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July 1, 2021 No Comments »
In an effort to bring you some new voices on Ottsworld, here is a guest post from writer Sherry Spitsnaugle. I met Sherry S at a Denver event and found out that she was a travel writer! So not only does she have a cool name, but she also has a way with words! All opinions, experiences, and photos here are hers. – Sherry O.
Mud splatters my face and the high decibel level makes me cover my ears as I bounce up and down in the back seat of a four-passenger ATV. My knuckles turn white from clinging to the “chicken bar” as the driver picks up speed down the dusty, rutted, narrow path. Branches and twigs scrape our rig – and my arm (my bad).
I love every teeth-rattling, bone-jarring jolt.
This is my first time offroading; I hadn’t expected it to be such a blast. My friend in the backseat with me is also a first-timer. He jokes at the outset, “If I start screaming, just slap me.” But, mostly we chuckle. And hang on for dear life.
We’re exploring the Hatfield and McCoy Trails of southern West Virginia, following the ATV about ten feet in front of us, driven by guide Cam Ellis, whose family runs Mountain Top Adventures.
Cam looks exactly like I would imagine an offroading guide to look like – with unruly hair, wearing steel-toed boots and a huge grin. Married to his high school sweetheart, who is also part of the family business, he’s outgoing, personable, and right at home in the woods and on an ATV. He grew up on these trails and knows them — exactly how the saying goes–like the back of his hand.
The story of the Hatfields and McCoys dates back to the 1800s, when two Appalachian families engaged in backwoods warfare. The origin of the feud is obscure, but the story is that it began when one family stole a pig from the other family. Hostilities got out of hand as the two families brawled, attacked, kidnapped, and eventually killed.
Courtroom trials took place and there was even a love affair between a Hatfield and a McCoy which was broken up. Eventually, the story prompted a television show on the History Channel, a mini series, and in these parts, you’ll see the Real McCoy burger listed on the menu, and a Devil Anse beer named after William Anderson Hatfield. There’s even a Hatfield & Mccoy Moonshine LLC Distillery.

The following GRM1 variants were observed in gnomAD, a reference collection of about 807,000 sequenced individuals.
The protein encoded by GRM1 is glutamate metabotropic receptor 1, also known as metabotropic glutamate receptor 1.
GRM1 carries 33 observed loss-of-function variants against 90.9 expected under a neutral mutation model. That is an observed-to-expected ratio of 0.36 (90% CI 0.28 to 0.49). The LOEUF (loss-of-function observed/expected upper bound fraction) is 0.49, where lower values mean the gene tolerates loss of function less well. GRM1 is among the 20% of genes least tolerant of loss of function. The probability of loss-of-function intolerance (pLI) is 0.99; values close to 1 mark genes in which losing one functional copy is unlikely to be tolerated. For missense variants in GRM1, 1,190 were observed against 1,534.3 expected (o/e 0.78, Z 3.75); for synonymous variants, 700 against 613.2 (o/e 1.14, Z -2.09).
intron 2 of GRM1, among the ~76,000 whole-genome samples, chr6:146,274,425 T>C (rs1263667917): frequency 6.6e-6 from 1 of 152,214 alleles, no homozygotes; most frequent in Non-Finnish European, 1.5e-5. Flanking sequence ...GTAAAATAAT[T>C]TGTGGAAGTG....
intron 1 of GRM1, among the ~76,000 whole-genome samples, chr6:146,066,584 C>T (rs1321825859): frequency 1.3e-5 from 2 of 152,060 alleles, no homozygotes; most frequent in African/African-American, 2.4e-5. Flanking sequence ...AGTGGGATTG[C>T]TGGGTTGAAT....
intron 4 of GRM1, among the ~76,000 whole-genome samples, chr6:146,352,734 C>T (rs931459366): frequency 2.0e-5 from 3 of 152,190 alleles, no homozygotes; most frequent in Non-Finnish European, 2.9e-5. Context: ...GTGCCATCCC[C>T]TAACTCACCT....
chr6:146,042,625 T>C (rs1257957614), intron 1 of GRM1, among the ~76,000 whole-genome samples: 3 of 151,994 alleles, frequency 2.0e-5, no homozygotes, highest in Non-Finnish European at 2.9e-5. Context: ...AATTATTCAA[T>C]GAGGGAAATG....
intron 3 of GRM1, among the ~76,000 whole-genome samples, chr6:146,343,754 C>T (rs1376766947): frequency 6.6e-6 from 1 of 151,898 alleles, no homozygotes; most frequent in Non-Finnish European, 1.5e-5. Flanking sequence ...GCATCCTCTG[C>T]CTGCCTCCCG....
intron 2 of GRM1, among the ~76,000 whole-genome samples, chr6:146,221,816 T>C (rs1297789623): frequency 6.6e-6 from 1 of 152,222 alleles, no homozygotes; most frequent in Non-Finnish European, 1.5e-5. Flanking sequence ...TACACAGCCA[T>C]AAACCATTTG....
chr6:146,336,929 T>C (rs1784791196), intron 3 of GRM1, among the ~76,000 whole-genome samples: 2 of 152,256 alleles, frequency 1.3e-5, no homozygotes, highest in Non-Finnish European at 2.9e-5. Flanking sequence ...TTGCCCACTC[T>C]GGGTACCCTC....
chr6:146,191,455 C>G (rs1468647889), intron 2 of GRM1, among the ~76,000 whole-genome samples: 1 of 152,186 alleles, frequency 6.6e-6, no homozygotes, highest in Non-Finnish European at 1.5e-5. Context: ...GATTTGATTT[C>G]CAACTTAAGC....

The Hatfield McCoy Trail system consists of some 600 miles of trails, one of the most extensive offroad trail systems in the country. Much of the historic feuding took place where several of the Hatfield-McCoy Trails are now located. The trail system is open 365 days a year and offers something for every ATV skill level.
In true ‘Leave No Trace’ style, the backwoods are respected and beloved here. I don’t see a speck of litter during the entire day that we are on the trail.
Here in West Virginia, ATV’s are as common as folks wearing camouflage. You can even drive an ATV through McDonalds and on the highway in ATV-friendly towns.
We meet other ATVs on the rutted path – some are single drivers, some couples, and lots of rigs with adults and kids. Cam explains that since the company added the side-by-sides, the family adventure business has soared. Side-by-sides generally have two seats, one for the driver and one for the passenger, but there are also side-by-sides that can hold four passengers, like the one we’re in.
“Before, it used to be a bunch of guys coming to take the ATV’s out on the trails, which is great, too, but now we’re seeing families who are looking for a safe adventure,” Cam says.